Nosaj Thing was one of the earliest members of the beat scene, but where his contemporaries tended to produce more fleshed-out sounds, often with a heavy hip-hop influence, Nosaj Thing created a canvas shaded as much by silence as by noise. On his debut album, 2009’s Drift, the beats are dark and exploratory, and, while he couldn’t have known it at the time, it has a lot in common with “the drift” of Guillermo del Toro’s Pacific Rim. In both instances, the drift is a process by which two active participants bond over synchronized brain waves to form a more perfect whole. While del Toro had a specific, mechanical process in mind, Nosaj Thing found a far more organic approach, realizing that (re)creation wasn’t about moving away from the original source as much as it was about moving toward a new one.

Listen to key tracks from Drift alongside the music that inspired it:


 

THE WANDERER

Gonjasufi has the voice of a man who’s been through the gutter and back. An ancient, rusted-out croon, it’s by turns manic and tender, evoking many days lost in the wilderness, and many more spent re-aligning the chakras. His 2010 release, A Sufi and a Killer, feels like an epic trek, as producers Gaslamp Killer, Mainframe, and Flying Lotus sample a global list of artists to forge soulful, psychedelic beats. The vibe is dirty, and the thunder and rain that comes in at the tail end of “Love of Reign” makes the voyage that much more unnerving. Still, Sufi navigates the landscape with confidence, unleashing a crisp poetry that lays his contradictions bare in an allegorical track about a lion that wishes he were a sheep. When the singer finally finds redemption in “Made”—whose lyrics find a parallel between the coming of spring and the arrival of a paycheck—his voice is feather-light and full of relief.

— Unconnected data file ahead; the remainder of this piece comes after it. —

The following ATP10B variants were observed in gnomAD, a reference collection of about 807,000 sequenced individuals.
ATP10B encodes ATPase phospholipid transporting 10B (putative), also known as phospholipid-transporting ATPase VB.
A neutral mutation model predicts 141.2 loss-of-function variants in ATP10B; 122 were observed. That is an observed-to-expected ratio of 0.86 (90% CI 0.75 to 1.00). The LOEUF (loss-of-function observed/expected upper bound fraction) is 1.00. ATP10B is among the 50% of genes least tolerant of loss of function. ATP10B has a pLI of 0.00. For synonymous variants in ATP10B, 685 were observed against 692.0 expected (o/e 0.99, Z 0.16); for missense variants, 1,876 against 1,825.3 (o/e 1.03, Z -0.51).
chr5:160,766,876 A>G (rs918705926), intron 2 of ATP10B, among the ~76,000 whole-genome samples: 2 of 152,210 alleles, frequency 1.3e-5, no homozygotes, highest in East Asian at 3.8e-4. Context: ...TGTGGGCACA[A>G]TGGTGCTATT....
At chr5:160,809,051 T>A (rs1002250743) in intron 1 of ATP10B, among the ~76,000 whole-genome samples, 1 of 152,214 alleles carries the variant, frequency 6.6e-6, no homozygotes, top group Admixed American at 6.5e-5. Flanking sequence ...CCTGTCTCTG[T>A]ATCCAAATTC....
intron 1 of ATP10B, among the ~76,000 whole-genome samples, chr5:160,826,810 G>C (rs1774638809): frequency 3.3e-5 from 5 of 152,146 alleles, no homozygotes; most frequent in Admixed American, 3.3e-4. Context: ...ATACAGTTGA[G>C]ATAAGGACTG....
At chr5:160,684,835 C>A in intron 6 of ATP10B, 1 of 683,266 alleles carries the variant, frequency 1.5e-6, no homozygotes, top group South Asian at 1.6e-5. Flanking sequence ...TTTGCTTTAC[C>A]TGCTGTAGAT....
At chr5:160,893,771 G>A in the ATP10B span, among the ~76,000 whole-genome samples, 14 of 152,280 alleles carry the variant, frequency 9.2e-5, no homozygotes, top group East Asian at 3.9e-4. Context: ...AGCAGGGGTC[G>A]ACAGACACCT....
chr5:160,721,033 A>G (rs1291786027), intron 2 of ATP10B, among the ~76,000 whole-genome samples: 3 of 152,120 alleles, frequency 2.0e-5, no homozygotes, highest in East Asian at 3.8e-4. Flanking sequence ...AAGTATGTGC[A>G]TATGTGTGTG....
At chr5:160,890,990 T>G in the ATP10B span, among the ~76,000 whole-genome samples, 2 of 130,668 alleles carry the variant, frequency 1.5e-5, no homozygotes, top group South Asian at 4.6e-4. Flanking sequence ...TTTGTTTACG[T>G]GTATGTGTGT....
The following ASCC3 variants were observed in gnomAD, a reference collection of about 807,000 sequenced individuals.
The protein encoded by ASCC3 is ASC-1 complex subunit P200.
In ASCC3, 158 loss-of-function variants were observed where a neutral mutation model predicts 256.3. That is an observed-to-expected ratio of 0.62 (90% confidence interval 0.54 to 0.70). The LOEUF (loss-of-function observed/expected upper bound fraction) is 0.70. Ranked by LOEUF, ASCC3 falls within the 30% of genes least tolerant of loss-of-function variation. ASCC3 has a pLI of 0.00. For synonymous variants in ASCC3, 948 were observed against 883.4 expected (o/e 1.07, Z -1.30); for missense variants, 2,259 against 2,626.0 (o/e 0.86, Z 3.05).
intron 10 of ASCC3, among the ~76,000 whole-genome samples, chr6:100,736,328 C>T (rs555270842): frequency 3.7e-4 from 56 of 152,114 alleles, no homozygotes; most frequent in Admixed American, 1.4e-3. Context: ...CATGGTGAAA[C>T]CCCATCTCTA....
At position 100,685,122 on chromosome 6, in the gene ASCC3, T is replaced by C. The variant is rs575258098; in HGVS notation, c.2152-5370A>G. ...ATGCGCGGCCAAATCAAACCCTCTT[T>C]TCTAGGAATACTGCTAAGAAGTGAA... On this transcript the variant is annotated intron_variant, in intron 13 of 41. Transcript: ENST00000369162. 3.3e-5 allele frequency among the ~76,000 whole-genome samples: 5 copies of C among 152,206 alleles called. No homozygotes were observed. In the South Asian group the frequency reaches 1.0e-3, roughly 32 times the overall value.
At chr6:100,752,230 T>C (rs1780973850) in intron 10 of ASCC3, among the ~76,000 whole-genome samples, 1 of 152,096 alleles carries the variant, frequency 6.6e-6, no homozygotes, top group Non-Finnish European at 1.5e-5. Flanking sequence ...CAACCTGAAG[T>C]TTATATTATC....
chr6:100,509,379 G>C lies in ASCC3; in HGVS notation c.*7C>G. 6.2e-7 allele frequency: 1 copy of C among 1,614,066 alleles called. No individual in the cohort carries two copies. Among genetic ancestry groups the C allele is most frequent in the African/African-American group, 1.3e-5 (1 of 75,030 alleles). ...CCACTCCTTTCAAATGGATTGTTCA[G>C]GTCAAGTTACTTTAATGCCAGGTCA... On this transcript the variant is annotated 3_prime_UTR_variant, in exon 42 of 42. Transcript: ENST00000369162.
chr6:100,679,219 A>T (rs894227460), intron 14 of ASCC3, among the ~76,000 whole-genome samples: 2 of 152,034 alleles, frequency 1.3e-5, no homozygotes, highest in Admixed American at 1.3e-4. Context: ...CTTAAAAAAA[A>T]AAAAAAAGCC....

Listen to key tracks from A Sufi and a Killer alongside the music that inspired it:


 

HEARING IS BELIEVING

To see The Gaslamp Killer is to believe in The Gaslamp Killer. The Low End Theory co-founder/resident DJ’s wide-ranging sets reside on the brink of chaos, mixing hip-hop, rock, electronic, and all points in between. On stage, he resembles the waving, inflatable man outside of a car dealership, yet the rhythmic flailing isn’t a substitute for pyrotechnics or pre-planned drops. It’s genuine, and he connects without a shred of self-consciousness, guiding audiences with shamanistic conviction.

His Brainfeeder debut, 2012’s Breakthrough, captures the intimate, heartfelt lunacy of his live sets. It is the circadian rhythm compressed, shuttling you at breakneck speed from a psychedelic midnight to lucid dawn. “Holy Mt Washington” (with Computer Jay) tempers eviscerating low-end bounce with buoyant, Morricone-inspired whistling. “Peasants, Cripples, & Retards” (with Samiyam) moves from industrial, intergalactic funk to Jamaican dub. The emotive plucking of the yiali tambur by Jogger’s Amir Yaghmai on “Nissim” is backed by Gaslamp’s breakbeat barrage. It remains the standout, a reminder that not every song from the beat scene needed to rattle your body in order to touch your soul.


 

THE AFROCENTRIC FROM ALPHA CENTAURI

Ras G is the beat scene’s answer to Sun Ra. His music is an attempt to commune with the constellations, drawing equally from the electronic and analogue. His 2008 album, Brotha From Anotha Planet, is prime headphone listening, a solitary exploration of the soul in twilight hours. Ras G’s willingness to pull back between banging beats, to tie everything together with these oddly comforting intergalactic sound collages, is brilliant. It’s in these moments that we reflect, reminding ourselves of that a celestial experience is visceral as well as cerebral, and attempt to find our place in the universe.


 

THE FUTURE AT 90 BPM